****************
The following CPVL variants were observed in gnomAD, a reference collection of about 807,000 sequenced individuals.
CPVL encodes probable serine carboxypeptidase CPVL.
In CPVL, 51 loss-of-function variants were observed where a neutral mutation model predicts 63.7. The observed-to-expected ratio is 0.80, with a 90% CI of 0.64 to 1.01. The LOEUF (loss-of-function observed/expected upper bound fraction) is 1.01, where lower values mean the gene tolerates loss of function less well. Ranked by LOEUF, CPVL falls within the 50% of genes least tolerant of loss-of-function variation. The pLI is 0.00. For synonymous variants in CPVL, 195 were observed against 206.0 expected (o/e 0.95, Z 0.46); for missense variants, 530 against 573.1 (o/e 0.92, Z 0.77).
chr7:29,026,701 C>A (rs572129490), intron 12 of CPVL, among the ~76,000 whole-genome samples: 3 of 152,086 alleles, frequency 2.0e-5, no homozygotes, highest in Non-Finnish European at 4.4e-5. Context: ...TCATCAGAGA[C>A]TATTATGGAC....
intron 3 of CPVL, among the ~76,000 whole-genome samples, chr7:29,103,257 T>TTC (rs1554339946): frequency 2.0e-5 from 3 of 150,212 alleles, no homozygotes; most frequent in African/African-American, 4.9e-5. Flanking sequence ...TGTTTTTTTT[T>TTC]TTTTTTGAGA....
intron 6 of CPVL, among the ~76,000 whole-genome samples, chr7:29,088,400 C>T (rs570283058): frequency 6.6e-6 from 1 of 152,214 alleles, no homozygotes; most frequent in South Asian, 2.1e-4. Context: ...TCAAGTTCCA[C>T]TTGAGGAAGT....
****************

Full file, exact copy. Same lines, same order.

The following CPVL variants were observed in gnomAD, a reference collection of about 807,000 sequenced individuals.
CPVL encodes probable serine carboxypeptidase CPVL.
In CPVL, 51 loss-of-function variants were observed where a neutral mutation model predicts 63.7. The observed-to-expected ratio is 0.80, with a 90% CI of 0.64 to 1.01. The LOEUF (loss-of-function observed/expected upper bound fraction) is 1.01, where lower values mean the gene tolerates loss of function less well. Ranked by LOEUF, CPVL falls within the 50% of genes least tolerant of loss-of-function variation. The pLI is 0.00. For synonymous variants in CPVL, 195 were observed against 206.0 expected (o/e 0.95, Z 0.46); for missense variants, 530 against 573.1 (o/e 0.92, Z 0.77).
chr7:29,026,701 C>A (rs572129490), intron 12 of CPVL, among the ~76,000 whole-genome samples: 3 of 152,086 alleles, frequency 2.0e-5, no homozygotes, highest in Non-Finnish European at 4.4e-5. Context: ...TCATCAGAGA[C>A]TATTATGGAC....
intron 3 of CPVL, among the ~76,000 whole-genome samples, chr7:29,103,257 T>TTC (rs1554339946): frequency 2.0e-5 from 3 of 150,212 alleles, no homozygotes; most frequent in African/African-American, 4.9e-5. Flanking sequence ...TGTTTTTTTT[T>TTC]TTTTTTGAGA....
intron 6 of CPVL, among the ~76,000 whole-genome samples, chr7:29,088,400 C>T (rs570283058): frequency 6.6e-6 from 1 of 152,214 alleles, no homozygotes; most frequent in South Asian, 2.1e-4. Context: ...TCAAGTTCCA[C>T]TTGAGGAAGT....